Out of that, the Redskins will need to find a way to pay Kirk Cousins (or another quarterback), DeSean Jackson and/or Pierre Garçon (or another wide receiver) and get help on defense, particularly on the line and at safety. If they move on from the players who could be cap casualties, they will have to be replaced.

We’ll look at the what the Redskins need to do and what they could do with their money over the next week or so. One thing is clear—with their big pile of cap space they will have plenty of options.

Related: Uncertainty surrounding Kirk Cousins impacts Redskins pursuit of free agent receivers

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10 Training Camp Questions: How dangerous is the Brandon Scherff contract situation?

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10 Training Camp Questions: How dangerous is the Brandon Scherff contract situation?

The Redskins report to training camp on July 24th, and for the next 10 days, JP Finlay will count down the 10 biggest questions the Redskins face going into the 2019 season.

10) Will the Redskins develop depth on the D-line?

9) Can the Redskins count on Montae Nicholson?

8) Want better offense? Get more out of the tight ends 

7) Will Jimmy Moreland actually win the slot CB job from Fabian Moreau?

6) After losing Reuben Foster, how's the Redskins LB situation?

5) Will potential match production for Redskins WRs?

When a team picks in the Top 10 of the NFL Draft, folks around the NFL expect that player to become a Pro Bowler. For Washington, that exact scenario unfolded with right guard Brandon Scherff. 

Mostly. 

Selected fifth overall in 2015, the Redskins took Scherff to play right tackle and anchor the offensive line opposite Trent Williams. That idea quickly faded, helped by the emergence of Morgan Moses, and Scherff moved inside to play guard. For four years, it's worked out great, with Pro Bowl selections in 2016 and 2017. 

Scherff is a mauler in the best sense of the word. He has great footwork and Redskins head coach Jay Gruden has called the former Iowa Hawkeye the best pulling guard in the NFL. Scherff is strong and nasty, words that won't win beauty pageants but absolutely win in the trenches of the NFL.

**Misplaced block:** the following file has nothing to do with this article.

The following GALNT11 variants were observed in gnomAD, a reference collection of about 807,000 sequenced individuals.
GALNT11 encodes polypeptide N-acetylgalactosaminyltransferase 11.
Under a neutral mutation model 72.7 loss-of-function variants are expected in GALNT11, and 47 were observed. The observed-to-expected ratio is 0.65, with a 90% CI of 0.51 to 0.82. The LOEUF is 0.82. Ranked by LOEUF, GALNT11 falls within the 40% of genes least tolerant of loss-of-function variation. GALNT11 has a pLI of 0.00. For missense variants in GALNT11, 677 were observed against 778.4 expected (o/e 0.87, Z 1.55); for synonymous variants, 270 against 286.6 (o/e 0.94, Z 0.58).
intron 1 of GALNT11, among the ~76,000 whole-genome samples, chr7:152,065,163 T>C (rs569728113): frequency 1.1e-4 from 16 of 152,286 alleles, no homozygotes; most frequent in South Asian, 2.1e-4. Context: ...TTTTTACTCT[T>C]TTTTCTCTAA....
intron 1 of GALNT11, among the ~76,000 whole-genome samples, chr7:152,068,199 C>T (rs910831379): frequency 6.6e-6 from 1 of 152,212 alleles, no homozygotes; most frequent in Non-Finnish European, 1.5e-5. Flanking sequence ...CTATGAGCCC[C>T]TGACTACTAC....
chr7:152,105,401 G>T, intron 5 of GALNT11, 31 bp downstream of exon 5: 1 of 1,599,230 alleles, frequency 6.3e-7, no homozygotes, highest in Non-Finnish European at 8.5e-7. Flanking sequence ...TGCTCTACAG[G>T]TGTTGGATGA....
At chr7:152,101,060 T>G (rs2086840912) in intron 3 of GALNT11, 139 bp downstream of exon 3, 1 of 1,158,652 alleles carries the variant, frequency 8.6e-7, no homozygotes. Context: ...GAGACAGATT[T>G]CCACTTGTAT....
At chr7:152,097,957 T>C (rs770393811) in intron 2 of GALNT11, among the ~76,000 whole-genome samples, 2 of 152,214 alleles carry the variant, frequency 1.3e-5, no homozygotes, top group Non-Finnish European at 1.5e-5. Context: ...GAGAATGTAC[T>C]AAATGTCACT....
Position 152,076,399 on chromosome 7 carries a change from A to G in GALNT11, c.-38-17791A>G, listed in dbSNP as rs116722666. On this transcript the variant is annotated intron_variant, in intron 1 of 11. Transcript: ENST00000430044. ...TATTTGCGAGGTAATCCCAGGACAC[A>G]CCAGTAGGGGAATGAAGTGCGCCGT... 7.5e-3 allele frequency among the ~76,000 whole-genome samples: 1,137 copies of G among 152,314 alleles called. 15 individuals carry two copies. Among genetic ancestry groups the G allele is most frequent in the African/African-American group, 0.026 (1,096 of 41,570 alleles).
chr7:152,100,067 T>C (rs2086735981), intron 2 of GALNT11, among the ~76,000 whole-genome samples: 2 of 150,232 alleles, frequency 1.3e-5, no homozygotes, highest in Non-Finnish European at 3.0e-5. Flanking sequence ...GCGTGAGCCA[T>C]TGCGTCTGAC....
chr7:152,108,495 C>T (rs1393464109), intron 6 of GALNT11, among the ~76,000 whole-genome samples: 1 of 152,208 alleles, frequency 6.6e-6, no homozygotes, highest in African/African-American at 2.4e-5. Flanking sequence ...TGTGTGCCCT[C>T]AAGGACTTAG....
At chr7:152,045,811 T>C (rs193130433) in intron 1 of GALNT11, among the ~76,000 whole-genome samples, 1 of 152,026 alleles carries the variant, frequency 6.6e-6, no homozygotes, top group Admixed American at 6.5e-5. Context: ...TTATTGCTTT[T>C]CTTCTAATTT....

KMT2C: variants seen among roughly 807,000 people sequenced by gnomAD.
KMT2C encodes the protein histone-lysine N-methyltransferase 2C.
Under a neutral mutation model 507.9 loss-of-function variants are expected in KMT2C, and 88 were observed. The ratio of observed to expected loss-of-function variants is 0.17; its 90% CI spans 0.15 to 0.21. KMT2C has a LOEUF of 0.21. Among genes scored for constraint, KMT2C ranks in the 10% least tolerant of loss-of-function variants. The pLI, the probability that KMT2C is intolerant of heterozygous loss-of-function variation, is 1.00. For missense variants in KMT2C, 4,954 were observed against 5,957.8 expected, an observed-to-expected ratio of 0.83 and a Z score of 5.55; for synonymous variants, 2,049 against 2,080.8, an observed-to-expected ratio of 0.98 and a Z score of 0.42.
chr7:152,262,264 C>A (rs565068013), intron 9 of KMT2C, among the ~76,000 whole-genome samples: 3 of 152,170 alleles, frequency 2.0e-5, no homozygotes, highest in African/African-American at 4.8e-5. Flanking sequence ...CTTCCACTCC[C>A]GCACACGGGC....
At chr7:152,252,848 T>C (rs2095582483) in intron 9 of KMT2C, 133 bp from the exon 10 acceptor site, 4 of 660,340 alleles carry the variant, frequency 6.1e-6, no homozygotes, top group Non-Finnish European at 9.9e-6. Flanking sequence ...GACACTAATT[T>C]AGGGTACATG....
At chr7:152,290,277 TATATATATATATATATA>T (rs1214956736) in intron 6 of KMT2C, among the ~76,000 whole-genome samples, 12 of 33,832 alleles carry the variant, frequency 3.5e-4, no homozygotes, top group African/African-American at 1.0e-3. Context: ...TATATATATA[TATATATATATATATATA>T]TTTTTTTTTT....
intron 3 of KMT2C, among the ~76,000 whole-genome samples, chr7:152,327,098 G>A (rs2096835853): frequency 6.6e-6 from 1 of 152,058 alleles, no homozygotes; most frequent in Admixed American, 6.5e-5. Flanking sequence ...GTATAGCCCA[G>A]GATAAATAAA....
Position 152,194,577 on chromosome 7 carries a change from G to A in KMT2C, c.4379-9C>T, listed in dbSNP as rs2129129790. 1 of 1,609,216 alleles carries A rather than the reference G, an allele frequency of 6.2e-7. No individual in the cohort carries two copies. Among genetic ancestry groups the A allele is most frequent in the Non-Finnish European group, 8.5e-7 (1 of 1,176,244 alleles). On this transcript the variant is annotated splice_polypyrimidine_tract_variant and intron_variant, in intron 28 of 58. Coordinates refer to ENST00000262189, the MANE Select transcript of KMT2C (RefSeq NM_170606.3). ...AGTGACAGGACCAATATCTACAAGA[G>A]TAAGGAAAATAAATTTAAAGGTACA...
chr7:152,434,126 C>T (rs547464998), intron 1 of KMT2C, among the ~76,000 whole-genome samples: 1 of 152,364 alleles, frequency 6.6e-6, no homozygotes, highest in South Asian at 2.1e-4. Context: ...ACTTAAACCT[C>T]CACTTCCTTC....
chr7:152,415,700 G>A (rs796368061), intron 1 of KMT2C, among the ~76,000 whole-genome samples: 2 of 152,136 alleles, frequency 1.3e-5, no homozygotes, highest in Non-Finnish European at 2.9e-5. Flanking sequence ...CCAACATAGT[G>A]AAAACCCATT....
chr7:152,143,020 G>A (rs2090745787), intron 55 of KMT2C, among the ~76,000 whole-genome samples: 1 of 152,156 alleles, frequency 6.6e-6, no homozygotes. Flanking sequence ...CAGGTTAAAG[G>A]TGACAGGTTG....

Considering all of that, a contract extension for Scherff should be easy. Right?

Wrong. 

Currently in the final year of his rookie deal, multiple reports stretching over the last six weeks indicate that the organization is way off in their extension offers to Scherff. He might not command the biggest contract in the league, but he will get paid like a top three guard. In 2019, that means a lot of money.

Cowboys guard Zach Martin makes $14 million a year. Jaguars guard Andrew Norwell makes $13.3 million a year. Scherff might not get to Martin's salary, but he will probably get to Norwell, whether Washington pays it or not.

That means the Redskins need to pony up the cash now because as each day passes, the team is approaching an ugly set of options. Scherff and his representatives might continue to negotiate during the season, but it doesn't make a lot of sense. Once free agency becomes in view, players tend to wait for it. Just ask Kirk Cousins. 

In fact, the situation between Scherff and the Redskins has some resemblance to the Cousins saga from a few years ago. 

In that case, Washington low-balled their homegrown quarterback in their first set of negotiations. From there, things went sideways, and the team used consecutive franchise tags on Cousins before he finally left via free agency. 

If the Redskins can't get a deal done with Scherff, the team could use a franchise tag in 2020. But that's a dangerous game of roulette.